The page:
‘Real life versions of Q’ (the fictional boffin from the James Bond films) are being offered government money (i.e. really my money) to develop technology to fight groups like al-Qaeda (the possibly fictional terror franchise), according to this bafflingly serious article from the BBC. But no, stop the giggling! It’s really real! There is (01-2015: or was, excuse the archived link) a Home Office unit called, Bondishly, INSTINCT! They have a strategy for it and everything… called CONTEST. I love the idea (described on the Home Office site) of ‘horizon scanning for technical threats’. It dredges up the image of INSTINCT blokes in lab coats swivelling the periscope on the SS CONTEST, looking for ruthless acronyms sailing into view with devices the like of which we cannot begin to fear adequately. Really, really though. ‘CONTEST’. Who sits thinking up this rubbish? Presumably people who describe terror threats as a ‘very real danger’, such as blogger Mark Dowe, whose oaty tones outlined the

‘very real danger that such terrorists will gain access to unconventional weapons – chemical, biological and nuclear’

[past tense ‘outlined’ because now Mr Dowe has a very real private setting on his site, possibly to prevent people gaining access to quotable material.] Setting aside an examination of the term ‘unconventional weapons,’ which might be extended to include items such as depleted uranium, say, or passenger jets used as missiles by actual real terrorists, this phrase highlights one of the most alarming tropes in ‘the war on terror’: the use of rhetorical amplification to distort reality.

People in public positions (ex-Prime Minister Blair, for example) often say things are ‘very real’, usually in the sense of there being a ‘very real danger’, or ‘very real threat’, or a ‘very real chance’ of something appalling happening. What they mean is genuine. It is not just one of your nebulous chances, it has a kind of concreteness that makes spending money on weapons and so forth very really necessary. What can ‘very real’ be supposed to suggest? Some things we imagine are real are not real? Fair enough, perhaps. But some things are real, some things are, like, megareal? Pffft. There is of course the implication that when people say ‘real’, and especially ‘very real’, they in fact mean ‘not at all real’.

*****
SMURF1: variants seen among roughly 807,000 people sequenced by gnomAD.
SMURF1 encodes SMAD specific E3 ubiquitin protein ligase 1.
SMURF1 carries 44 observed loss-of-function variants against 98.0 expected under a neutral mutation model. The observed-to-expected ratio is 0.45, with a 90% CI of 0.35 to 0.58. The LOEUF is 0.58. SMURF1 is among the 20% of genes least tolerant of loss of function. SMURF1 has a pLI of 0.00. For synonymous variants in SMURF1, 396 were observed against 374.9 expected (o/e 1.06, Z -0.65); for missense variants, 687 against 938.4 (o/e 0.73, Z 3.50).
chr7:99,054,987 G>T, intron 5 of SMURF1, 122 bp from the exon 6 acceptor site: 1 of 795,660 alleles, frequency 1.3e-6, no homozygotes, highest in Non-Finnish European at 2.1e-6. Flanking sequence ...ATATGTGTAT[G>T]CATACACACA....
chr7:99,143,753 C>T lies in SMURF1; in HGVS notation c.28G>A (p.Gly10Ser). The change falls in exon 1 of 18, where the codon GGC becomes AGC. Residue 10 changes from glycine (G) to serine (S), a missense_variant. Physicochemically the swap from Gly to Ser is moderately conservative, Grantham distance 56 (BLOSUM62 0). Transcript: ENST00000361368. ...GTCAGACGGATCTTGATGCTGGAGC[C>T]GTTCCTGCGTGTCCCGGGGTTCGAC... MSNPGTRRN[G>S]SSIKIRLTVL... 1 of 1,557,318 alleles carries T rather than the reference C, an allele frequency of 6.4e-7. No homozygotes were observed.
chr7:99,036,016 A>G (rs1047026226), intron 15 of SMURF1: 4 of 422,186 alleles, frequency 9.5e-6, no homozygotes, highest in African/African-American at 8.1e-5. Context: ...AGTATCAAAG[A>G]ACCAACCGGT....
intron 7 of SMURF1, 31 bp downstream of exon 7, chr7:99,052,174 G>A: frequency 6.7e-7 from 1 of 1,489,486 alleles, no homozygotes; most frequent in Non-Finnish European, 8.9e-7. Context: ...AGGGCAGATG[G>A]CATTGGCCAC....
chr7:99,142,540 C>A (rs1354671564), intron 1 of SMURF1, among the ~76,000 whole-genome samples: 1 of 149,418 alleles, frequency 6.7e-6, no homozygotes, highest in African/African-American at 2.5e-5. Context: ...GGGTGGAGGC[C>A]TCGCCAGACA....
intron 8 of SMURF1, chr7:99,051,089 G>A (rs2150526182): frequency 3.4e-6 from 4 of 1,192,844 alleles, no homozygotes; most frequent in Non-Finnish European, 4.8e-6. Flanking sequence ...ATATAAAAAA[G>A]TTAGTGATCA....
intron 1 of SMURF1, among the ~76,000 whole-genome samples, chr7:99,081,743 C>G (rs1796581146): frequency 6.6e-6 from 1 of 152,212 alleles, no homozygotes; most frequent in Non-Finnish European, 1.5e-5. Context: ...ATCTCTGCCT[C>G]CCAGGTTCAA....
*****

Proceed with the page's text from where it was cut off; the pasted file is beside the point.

Very real danger. As we continue to see, there are ‘terrorists’, people who act as though killing themselves or other people is a valid way of making a point… armed ideologues are always dangerous. It doesn’t make them any more dangerous to suggest they are a very real danger. Stop trying to make it sound worse than it is! If something is just shit, making it sound shitter is not going to help, and in fact the more you insist it is somehow more awful than awful, the less inclined people will be to believe you. Ask a shepherd. Doubleplusungood Alert, is it? I see.

Then there’s the serious expression people always get on when they use the phrase, which only compounds the insult. As if they have access to a better version of reality than everyone else, and they can convince you of their unique capacity to sort it all out simply by the subtle and sincere use of intensifiers.

“No, this is VERY real. You thought the Nazis were real? The IRA? ETA? Just playing at reality compared to these guys. They’re so real, they’re like a kiss on the lips from Slavoj Žižek… with tongues.”

How real do you want this? VERY REAL, PLEASE.

Still, you really can’t be too careful. In an INSTINCTive spirit of innovation, I’m developing a new anti-terror device. Based on a brown paper bag, it’s basically a brown paper bag. Every time you feel full of terror, you breath into it and it makes the fear dissipate.

I am currently brainstorming names for this device, but I believe it has already made a significant contribution to the fight against all those wishing to terrorise me with their fat-fingered throttling of the English language. Then perhaps when we’ve all calmed down and put the rocket-propelled nets in the cupboard with the swingball, we can address the very real threat of bombdogs.